Sm 1.41.32 99ob9


Published on

Published in: Business, Technology
  • Be the first to comment

  • Be the first to like this

No Downloads
Total views
On SlideShare
From Embeds
Number of Embeds
Embeds 0
No embeds

No notes for slide
  • Material pertinent to this illustration is found on pages 168-169.
  • Material pertinent to this illustration is found on pages 168-169.
  • Sm 1.41.32 99ob9

    1. 1. <ul><li>Review Power and Politics (Chap. 11) & Conflict, Negotiation, and Intergroup Behavior (Chap. 12) </li></ul><ul><ul><li>Point - Counterpoint presentations </li></ul></ul><ul><ul><li>Review Questions (Book, Multiple Choice) </li></ul></ul><ul><li>New: Foundations of Organization Structure (Chap. 13) </li></ul>OB 9
    2. 2. Point-counterPoint 11: Politics <ul><li>Point : Politics in organizations is simply a fact of life. Those who ignore it will fail to understand why employees withhold information, restrict output, publicize their successful performance but hide their failures. </li></ul><ul><li>counterPoint : Political behavior, yes, but it is more a case of organizational members projecting beliefs about political about political behavior. It is mostly in the interpretations of the young and inexperienced. </li></ul><ul><li>Analysis : In most organizations, there is a limited amount of resources. If there is a perception of politics, there is also the reality of politics. Students who want to become managers should learn to use positive politics like any other tool to achieve organizational goals effectively/efficiently. </li></ul>S. ROBBINS, OB 8th ed., 1998, Prentice Hall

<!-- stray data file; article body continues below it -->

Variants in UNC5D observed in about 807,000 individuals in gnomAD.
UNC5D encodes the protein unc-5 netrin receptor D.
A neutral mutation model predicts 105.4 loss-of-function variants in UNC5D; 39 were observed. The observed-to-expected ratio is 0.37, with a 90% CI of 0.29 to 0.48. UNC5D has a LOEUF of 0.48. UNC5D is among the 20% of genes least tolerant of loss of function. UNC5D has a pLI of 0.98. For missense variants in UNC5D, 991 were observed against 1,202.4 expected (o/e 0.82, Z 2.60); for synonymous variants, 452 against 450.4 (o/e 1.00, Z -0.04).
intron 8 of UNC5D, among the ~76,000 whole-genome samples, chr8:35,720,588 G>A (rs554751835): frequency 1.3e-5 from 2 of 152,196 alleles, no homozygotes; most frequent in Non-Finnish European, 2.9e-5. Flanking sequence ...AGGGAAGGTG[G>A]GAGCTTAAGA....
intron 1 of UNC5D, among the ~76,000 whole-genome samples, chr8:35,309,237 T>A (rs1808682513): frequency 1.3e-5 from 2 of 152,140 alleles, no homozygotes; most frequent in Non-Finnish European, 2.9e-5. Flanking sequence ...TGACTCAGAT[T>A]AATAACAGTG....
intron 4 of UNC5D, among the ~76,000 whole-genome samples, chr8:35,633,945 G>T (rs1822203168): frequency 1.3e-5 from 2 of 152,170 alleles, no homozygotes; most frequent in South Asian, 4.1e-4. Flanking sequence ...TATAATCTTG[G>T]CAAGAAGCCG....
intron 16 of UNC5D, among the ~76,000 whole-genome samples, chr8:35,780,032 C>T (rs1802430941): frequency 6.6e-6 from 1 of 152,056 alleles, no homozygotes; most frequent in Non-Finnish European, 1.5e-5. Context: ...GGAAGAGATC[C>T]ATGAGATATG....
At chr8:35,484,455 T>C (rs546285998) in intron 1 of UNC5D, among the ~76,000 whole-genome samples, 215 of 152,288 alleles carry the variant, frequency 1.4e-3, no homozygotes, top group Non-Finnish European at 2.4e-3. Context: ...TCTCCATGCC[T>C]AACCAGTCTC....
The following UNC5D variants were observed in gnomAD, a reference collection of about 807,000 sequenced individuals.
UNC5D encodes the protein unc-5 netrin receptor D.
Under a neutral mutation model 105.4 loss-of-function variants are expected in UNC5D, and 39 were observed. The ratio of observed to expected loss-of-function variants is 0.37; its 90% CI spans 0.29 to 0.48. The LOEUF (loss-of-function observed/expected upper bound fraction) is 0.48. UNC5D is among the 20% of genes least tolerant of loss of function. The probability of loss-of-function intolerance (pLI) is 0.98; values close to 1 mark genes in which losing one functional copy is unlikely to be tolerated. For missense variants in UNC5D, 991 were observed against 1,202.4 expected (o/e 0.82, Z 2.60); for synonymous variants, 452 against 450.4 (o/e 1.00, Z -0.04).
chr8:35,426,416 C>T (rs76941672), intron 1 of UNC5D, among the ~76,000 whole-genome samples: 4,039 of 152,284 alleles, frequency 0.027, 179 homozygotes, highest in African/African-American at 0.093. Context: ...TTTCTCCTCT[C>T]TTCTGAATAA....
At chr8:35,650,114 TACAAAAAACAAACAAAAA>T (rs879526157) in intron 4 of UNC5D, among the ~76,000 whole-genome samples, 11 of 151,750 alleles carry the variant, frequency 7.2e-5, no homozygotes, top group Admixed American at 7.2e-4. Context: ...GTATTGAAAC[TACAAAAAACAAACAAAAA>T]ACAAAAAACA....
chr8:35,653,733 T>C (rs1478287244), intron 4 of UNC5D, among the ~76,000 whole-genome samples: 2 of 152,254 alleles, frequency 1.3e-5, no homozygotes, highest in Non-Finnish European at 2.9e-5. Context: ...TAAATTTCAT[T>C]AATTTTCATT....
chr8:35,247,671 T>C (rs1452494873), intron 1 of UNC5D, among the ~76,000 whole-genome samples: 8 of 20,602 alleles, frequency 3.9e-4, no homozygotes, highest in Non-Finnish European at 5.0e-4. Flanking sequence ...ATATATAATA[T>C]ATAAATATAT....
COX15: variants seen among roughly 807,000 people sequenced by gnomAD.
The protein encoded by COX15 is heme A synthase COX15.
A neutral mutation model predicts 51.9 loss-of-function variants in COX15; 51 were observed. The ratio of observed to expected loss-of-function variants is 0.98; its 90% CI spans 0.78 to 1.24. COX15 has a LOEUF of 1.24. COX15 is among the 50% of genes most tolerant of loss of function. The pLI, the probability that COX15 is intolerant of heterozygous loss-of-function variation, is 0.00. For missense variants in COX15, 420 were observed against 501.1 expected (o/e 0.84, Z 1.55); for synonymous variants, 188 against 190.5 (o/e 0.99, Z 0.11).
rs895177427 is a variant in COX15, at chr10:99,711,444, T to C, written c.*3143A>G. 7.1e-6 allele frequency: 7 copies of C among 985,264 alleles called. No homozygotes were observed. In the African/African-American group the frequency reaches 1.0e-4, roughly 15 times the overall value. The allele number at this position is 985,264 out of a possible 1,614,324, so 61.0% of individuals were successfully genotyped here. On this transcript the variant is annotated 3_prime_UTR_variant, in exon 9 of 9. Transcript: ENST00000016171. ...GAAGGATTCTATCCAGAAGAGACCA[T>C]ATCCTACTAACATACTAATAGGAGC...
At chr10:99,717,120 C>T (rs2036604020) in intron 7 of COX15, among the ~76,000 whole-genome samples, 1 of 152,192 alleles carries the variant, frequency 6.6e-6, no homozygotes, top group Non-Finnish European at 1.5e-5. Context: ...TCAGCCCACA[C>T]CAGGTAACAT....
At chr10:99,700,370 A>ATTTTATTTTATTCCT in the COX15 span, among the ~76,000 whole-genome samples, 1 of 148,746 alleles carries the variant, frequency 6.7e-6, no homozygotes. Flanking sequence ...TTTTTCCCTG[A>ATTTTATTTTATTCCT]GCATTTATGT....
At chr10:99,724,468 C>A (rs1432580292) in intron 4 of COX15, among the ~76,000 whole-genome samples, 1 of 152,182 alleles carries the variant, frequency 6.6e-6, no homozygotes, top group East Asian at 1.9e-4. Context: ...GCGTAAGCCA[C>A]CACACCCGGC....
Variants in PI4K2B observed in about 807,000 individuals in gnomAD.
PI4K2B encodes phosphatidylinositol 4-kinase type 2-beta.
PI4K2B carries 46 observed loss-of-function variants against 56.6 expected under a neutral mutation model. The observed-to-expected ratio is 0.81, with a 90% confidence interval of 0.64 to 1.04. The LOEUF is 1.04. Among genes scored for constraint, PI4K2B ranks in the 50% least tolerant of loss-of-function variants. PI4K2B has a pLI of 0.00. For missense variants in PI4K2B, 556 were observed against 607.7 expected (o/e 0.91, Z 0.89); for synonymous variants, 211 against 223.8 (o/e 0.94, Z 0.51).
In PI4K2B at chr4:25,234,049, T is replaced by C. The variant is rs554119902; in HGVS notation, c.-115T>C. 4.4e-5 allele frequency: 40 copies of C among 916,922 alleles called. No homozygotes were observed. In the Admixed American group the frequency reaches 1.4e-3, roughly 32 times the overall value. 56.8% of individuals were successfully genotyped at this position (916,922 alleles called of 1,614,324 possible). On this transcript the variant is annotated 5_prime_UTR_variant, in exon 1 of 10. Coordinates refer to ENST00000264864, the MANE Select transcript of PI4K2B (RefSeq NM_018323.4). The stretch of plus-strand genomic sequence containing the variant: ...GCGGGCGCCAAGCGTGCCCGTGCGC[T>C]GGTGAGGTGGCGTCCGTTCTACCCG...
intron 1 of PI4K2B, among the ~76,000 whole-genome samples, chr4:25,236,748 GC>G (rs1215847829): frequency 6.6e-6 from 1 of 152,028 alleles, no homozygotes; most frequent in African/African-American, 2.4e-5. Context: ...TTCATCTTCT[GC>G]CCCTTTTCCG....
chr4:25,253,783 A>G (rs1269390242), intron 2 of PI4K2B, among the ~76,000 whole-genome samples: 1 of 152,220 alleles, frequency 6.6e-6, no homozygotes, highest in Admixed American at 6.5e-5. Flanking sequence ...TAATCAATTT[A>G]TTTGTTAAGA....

3. 3. Point-counterPoint 12: Conflicts <ul><li>Point : Conflict is good for an organization. </li></ul><ul><li>counterPoint : All conflict is dysfunctional . It is one of management’s major responsibilities to keep its intensity as low as possible. </li></ul><ul><li>Analysis : Most behavioral scientists and practitioners now accept that the goal of effective management is not to eliminate conflict but to create the right intensity so as to reap its functional benefits. Functional conflict is necessary in management of change. It improves group and organizational effectiveness. Organizations without conflict suffer from apathy, stagnation, groupthink. The negative consequences from dysfunctional conflict can be devastating: turnover, employee dissatisfaction, inefficiencies, sabotage, strikes, physical aggression. </li></ul>S. ROBBINS, OB 8th ed., 1998, Prentice Hall
    4. 4. Summary and Implication for Managers Ms.Chung